That’s a huge shame, because for all the fire and fury we’ll be getting to shortly, this is a superb long-distance device. Thanks to its new interior architecture, it’s the easiest Ferrari to just get in and operate of modern times. It’s all easy and intuitive to use. Quite unlike a Ferrari, in other words. Nor is it remotely intimidating. Its essential dimensions are those of any mid-engined V8 Ferrari of the last 10 years. It will do around 15 miles on electrons alone and thanks to its unfathomably compliant ride, there are times where you’ll be wafting around in silence wondering if this is not actually a thousand horsepower limousine.

It is not. When the time comes, the SF90 is preposterously fast and with the electrics filling in the gaps in the turbo motor’s torque curve, it’s instantly responsive too. Because the front axle only manages the 220bhp provided by its electric motors that still leaves the balance of power going to the rear wheels alone, so despite four-wheel drive, you can feel the electronics holding the car back, tyres on the very limit of their traction. Unless you fiddle with the Manettino dial on the wheel and place it into ‘Race’ mode, in which case you can have even super-sticky Michelin Cup 2 tyres yelping for mercy. But it’s also supremely easy to drive fast because those same electronics just don’t let things get out of hand. But the technology can’t disguise all its weight, and in the new electrically assisted power steering system, you can feel it. It dives into an apex, but does not dart. Then you can just power on and leave the rest to the safety nets.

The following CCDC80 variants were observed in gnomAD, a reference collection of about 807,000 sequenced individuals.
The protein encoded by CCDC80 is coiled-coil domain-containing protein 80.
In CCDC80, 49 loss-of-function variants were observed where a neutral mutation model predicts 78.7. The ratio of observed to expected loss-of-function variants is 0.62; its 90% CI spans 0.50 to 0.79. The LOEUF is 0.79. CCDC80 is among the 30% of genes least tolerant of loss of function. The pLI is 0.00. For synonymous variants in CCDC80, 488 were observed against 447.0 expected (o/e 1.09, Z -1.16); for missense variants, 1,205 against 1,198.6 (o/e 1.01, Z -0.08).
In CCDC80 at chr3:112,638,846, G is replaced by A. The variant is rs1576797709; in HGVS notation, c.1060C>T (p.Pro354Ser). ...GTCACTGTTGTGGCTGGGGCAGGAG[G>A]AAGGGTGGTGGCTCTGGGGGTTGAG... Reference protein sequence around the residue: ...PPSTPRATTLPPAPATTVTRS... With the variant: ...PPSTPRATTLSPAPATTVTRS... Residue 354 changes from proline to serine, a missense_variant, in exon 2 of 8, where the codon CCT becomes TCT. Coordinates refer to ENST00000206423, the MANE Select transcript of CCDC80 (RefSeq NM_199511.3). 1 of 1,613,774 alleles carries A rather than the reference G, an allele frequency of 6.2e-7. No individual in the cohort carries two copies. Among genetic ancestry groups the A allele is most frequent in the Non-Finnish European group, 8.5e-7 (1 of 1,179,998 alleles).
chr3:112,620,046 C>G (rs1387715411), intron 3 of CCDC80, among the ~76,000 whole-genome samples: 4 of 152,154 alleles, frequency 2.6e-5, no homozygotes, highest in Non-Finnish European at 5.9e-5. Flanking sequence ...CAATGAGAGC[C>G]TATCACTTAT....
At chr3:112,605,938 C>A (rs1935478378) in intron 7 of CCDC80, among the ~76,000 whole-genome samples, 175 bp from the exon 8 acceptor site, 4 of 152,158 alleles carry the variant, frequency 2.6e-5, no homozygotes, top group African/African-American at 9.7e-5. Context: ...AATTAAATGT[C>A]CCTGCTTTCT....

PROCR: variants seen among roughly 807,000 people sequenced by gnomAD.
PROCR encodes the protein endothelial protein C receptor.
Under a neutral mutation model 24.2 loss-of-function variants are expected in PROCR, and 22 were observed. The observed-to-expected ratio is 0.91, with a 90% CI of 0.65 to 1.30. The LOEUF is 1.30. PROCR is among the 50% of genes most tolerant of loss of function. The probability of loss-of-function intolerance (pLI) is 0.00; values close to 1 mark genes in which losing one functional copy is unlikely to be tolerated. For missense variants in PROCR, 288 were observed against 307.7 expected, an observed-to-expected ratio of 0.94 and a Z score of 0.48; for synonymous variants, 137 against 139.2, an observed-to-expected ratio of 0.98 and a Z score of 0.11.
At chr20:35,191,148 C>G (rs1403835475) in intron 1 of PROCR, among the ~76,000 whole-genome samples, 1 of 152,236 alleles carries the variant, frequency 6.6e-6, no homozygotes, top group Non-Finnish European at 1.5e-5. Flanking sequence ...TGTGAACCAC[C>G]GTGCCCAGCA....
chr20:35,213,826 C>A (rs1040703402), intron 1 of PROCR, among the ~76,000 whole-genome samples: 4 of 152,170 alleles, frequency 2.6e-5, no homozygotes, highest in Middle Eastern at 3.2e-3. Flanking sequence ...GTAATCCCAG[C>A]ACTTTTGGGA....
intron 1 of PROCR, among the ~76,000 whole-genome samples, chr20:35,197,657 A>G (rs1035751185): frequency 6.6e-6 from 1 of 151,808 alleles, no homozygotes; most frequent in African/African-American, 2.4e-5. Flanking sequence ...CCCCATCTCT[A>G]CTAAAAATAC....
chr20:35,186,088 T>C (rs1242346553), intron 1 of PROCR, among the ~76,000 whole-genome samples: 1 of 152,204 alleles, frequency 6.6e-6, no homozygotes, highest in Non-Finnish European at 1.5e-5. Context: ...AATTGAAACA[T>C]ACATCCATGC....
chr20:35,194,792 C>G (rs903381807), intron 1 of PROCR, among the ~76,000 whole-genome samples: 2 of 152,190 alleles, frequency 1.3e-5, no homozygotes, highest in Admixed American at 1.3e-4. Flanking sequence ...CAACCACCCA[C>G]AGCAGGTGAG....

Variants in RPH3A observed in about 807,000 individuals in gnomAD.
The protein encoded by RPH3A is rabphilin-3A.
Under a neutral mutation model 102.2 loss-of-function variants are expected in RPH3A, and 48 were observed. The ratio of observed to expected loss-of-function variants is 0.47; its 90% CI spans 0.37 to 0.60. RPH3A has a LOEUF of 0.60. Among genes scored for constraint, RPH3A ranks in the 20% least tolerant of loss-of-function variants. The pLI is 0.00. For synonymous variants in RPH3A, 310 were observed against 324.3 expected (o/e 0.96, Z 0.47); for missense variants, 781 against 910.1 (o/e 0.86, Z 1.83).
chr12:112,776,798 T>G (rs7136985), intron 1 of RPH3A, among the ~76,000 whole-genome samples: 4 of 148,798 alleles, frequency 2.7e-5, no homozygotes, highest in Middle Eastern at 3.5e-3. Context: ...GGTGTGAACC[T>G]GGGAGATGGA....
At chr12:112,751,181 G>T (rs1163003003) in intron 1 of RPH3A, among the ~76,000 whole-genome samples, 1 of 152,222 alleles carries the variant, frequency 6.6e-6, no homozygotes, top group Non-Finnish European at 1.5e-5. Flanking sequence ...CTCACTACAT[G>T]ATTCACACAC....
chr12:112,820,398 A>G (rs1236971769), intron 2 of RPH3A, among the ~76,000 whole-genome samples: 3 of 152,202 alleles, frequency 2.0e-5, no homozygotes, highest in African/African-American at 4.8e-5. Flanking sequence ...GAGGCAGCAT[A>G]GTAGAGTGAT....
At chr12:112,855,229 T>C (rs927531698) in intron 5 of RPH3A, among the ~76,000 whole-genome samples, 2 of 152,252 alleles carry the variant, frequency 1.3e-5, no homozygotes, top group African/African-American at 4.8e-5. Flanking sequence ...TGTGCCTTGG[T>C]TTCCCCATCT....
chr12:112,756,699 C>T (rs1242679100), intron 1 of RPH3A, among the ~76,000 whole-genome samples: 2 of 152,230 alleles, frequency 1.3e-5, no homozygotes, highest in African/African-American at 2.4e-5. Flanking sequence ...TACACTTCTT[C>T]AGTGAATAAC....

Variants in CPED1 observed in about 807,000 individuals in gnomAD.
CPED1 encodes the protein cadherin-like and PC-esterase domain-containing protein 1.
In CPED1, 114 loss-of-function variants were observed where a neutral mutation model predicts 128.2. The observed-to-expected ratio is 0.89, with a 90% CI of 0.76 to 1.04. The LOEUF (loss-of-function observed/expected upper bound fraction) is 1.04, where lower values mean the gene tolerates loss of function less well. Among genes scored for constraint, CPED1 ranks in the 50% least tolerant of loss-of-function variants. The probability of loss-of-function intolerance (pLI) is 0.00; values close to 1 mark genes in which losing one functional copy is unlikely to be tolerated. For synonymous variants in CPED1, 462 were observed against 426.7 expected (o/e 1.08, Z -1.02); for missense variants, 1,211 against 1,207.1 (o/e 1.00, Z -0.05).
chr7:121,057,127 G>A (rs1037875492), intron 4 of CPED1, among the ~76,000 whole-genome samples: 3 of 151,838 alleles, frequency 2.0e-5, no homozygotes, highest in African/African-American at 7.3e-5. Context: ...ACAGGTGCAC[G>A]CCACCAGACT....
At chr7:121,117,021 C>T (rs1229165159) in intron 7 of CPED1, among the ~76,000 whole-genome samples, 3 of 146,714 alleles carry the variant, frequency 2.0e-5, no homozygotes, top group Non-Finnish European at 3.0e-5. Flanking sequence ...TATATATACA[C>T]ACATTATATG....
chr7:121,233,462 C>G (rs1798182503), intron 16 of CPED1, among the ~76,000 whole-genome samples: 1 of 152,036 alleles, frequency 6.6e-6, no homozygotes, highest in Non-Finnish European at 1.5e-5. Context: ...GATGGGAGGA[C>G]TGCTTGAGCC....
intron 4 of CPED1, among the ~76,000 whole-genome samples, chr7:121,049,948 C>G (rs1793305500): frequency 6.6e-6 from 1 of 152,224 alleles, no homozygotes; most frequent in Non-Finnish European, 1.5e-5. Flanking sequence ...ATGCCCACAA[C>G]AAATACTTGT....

Or not. You can turn them off, in full or in part. At which stage a hitherto fun and entertaining car gets very serious. And I love it for that. Because if you know what you’re doing and have the right surroundings, here is a near 1000bhp, mid-engined, four-wheel drive supercar that will drift and drift and drift. This is a driver’s car from top to toe, utterly wild when requested, but capable of being tamed at the twist of a dial. On the road you can just neutralise the back end with power alone; on the track it’s the most challenging yet rewarding car of its kind I’ve driven.

But I still wonder what it would be like without those driven front wheels. Lighter for sure, and more usable, because it would have a big boot. Cheaper maybe? It would be down a few hundred horses, but I suspect Ferrari could still find 800 or so. Which is enough for most. Which means I left the SF90 thinking not just how incredible it is, but how much better even than that it could potentially be.


One happy bunny: Frankel found the SF90 easy on the road, and delightfully challenging on the track

Tech spec

Price £376,048
Engine 4.0 litres, 8 cylinders, turbocharged, hybrid drive
Power 986bhp
Weight 1570kg (dry, with all lightest options fitted)
Power to weight 620bhp per tonne
Transmission Eight-speed double clutch, two/four-wheel drive
0-62mph 2.5sec
Top speed 211mph
Economy 46.2mpg
CO2 154g/km
Verdict Stunning as an instrument of driving pleasure, rubbish for a holiday…

Digital extra